Nov 1, 2006 12:00 PM
As manufacturers of heavy-duty truck engines roll out their new lineup equipped with technologies to meet the 2007 federal mandate for emissions, truck fleets are concerned with the cost of ownership of these new engines, especially in the area of fuel efficiency — one of the largest variable costs in a trucking business.
A study by J D Powers and Associates found that customers are least satisfied with the cost of engine ownership, particularly in the areas of routine engine maintenance costs and fuel efficiency. Reported fuel efficiency for heavy-duty engines declined to 5.72 mpg in 2006 — down from 5.91 mpg in 2005 and 6.04 mpg in 2004. The study is based on the responses of 2,529 primary maintainers of two-year-old Class 8 trucks.
With rising fuel prices, maximizing fuel economy is more important than ever to trucking companies. Original equipment manufacturers say their engines with new technology for 2007 emission standards are built to deliver outstanding fuel economy and performance, but they need to be driven differently than previous models to achieve their potential. Although trucking companies can't determine the price of fuel, they do have some control over the rate of consumption.
“The biggest factor in fuel economy — good or bad — is the driver,” says Russ Siegel, a test and demonstration driver for Caterpillar. “Driving habits have huge impact on fuel usage. It's critical that companies educate their drivers on fuel-saving driving techniques, as well as specifying their vehicles to achieve the perfect balance of fuel economy and performance.”
Excessive speed, excessive idling, operating the vehicle in the wrong gear, and accelerating and decelerating rapidly all consume extra fuel. Simple habits, such as coasting to a stop instead of pushing the accelerator until the last moment and braking hard, add up to significant fuel savings after thousands of miles.
The first step is to specify the vehicle correctly. Gear ratios should be lowered to operate at highway speeds with lower rpm — for example 3.42 or 3.25 instead of the 3.70 or 3.55 that was used in the past. “This lower gear ratio improves fuel economy and enables the driver to work in the preferred torque range for excellent performance,” Siegel says.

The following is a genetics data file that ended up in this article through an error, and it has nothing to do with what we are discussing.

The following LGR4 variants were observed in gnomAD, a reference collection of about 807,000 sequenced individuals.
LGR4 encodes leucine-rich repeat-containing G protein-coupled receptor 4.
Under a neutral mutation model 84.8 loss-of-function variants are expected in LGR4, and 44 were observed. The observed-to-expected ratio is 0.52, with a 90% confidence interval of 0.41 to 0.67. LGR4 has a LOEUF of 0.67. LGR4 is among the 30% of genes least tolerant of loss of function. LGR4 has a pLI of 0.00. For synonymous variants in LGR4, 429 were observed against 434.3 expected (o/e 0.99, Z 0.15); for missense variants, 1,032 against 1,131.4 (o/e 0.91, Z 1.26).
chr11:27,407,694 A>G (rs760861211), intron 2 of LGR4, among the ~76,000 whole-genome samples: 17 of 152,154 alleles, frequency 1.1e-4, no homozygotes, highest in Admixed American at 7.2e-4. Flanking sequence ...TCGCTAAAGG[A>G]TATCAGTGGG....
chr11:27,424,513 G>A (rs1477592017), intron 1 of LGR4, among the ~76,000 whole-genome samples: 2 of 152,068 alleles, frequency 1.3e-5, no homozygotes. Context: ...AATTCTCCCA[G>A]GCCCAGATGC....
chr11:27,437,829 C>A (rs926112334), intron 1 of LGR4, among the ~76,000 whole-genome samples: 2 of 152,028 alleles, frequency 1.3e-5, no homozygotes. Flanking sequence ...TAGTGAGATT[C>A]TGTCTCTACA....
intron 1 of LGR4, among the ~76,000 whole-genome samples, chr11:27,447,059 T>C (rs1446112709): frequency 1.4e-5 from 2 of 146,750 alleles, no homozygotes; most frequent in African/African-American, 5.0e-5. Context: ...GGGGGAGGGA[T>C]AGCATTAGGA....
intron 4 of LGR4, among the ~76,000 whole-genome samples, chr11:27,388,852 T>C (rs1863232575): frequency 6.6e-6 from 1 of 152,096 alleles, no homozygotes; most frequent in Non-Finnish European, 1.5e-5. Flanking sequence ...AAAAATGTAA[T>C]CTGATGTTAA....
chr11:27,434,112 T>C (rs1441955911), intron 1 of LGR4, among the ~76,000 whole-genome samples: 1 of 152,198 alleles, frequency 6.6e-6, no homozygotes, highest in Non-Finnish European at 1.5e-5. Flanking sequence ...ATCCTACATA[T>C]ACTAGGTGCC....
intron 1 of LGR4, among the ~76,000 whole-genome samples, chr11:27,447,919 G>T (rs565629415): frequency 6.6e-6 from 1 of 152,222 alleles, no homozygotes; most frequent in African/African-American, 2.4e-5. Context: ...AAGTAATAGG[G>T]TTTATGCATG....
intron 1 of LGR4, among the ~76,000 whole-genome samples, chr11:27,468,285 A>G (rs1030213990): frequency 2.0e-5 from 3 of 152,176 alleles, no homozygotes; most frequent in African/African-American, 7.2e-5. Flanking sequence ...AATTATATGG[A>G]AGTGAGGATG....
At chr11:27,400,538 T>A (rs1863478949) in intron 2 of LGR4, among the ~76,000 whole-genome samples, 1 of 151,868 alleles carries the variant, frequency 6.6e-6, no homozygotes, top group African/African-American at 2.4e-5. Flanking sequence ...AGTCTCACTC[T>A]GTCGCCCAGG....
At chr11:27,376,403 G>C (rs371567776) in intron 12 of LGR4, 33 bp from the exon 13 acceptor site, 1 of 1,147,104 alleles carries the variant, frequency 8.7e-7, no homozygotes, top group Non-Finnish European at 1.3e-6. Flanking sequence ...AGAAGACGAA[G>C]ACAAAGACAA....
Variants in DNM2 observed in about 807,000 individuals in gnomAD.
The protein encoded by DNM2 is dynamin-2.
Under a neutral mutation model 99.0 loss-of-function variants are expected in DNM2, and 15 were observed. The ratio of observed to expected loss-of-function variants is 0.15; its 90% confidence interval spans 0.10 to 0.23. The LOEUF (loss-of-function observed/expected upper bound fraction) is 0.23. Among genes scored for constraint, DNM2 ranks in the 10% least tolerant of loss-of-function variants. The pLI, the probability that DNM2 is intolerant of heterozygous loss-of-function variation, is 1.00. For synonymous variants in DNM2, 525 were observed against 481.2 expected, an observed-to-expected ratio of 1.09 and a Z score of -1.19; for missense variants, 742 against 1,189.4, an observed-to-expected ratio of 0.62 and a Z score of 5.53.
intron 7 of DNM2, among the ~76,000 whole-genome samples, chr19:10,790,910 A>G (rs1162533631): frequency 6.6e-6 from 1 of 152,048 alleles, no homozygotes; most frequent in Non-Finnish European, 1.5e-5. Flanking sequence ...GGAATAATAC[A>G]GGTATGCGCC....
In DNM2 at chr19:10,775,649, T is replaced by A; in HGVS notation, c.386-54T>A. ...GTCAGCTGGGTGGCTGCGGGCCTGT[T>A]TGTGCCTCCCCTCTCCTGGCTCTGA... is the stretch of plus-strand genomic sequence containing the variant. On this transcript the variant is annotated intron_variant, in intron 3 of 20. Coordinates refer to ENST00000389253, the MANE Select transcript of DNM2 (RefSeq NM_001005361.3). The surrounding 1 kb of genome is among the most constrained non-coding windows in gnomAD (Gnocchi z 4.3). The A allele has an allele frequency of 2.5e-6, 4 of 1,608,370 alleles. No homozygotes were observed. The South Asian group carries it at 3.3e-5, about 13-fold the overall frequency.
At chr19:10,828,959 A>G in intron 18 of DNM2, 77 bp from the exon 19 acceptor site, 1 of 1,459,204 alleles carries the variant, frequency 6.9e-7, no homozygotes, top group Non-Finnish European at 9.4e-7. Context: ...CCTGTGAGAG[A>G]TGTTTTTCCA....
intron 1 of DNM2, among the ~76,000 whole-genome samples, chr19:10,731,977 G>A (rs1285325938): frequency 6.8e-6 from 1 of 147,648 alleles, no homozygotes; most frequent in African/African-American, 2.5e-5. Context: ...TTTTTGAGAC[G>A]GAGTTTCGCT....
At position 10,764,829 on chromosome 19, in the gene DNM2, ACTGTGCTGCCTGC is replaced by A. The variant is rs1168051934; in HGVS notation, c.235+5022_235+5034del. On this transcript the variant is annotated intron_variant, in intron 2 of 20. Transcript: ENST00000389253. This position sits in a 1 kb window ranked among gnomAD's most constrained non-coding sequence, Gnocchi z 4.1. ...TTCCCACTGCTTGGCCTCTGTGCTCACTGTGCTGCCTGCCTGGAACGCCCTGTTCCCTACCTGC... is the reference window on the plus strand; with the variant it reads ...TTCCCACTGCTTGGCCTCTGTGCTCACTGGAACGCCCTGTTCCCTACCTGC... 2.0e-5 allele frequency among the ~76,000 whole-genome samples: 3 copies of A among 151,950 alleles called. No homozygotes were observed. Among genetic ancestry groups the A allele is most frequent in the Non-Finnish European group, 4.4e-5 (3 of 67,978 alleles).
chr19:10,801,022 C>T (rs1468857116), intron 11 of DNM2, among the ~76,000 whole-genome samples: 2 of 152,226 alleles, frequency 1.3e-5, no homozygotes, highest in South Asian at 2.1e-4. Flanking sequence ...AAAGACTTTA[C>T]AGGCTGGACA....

Every engine is somewhat different, so the ideal rpm for one engine isn't the same for others. Transmission gearing, axle gearing, and tire size are factors used in calculating the engine rpm for a given cruising speed. While the transmission's top gear ratio determines cruise rpm, startability — the maximum grade on which the vehicle can be put into motion when loaded to a specified vehicle weight — is determined by the transmission's first or low gear ratio. This may not be important for an over-the-road tractor on mostly flat interstates, but pulling away from a loading dock can test the startability of a tractor.
The required power to move the vehicle increases depending on its weight and the steepness of the grade. If the engine has too much horsepower, drivers may be tempted to accelerate rapidly and drive faster. Spec'ing too little horsepower reduces the vehicle's ability to climb a grade at a given speed and creates driver dissatisfaction.
Drivers need to be aware that peak torque is around 1,100 to 1,200 rpm, but the horsepower peak is above 1,500 rpm. “By expanding the torque range, drivers can operate their engines more efficiently and profitably,” he says. “Torque starts to fall off around 1,400 rpm — anything above 1,500 delivers more horsepower but eats fuel. Heavy haulers may need to operate that high at times but should try to avoid it when possible.”
When climbing a grade, Siegel recommends bringing the rpm down to 1,100 rpm if the truck can top the hill. If the driver determines that a downshift is necessary, doing it around 1,250 or 1,200 rpm keeps up momentum and reduces the amount of downshifts for that hill. This method keeps the vehicle in the sweet spot for all available torque and helps save fuel.
“It's important to remember to keep vehicle speed down,” he says. “Fuel economy drops by a tenth of a mile per gallon for every one mpg over 55. You'll also maximize fuel economy if you operate in the highest gear possible, so cruise in top gear. At the same time, keep the engine below 1,500 rpm, downshifting at around 1,100 rpm. Use progressive shifting techniques by upshifting around 1,400-1,500 rpm in the upper gears and 1,100 to 1,300 rpm in the lower gears. And use cruise control whenever possible to maintain average speed and good fuel economy.”
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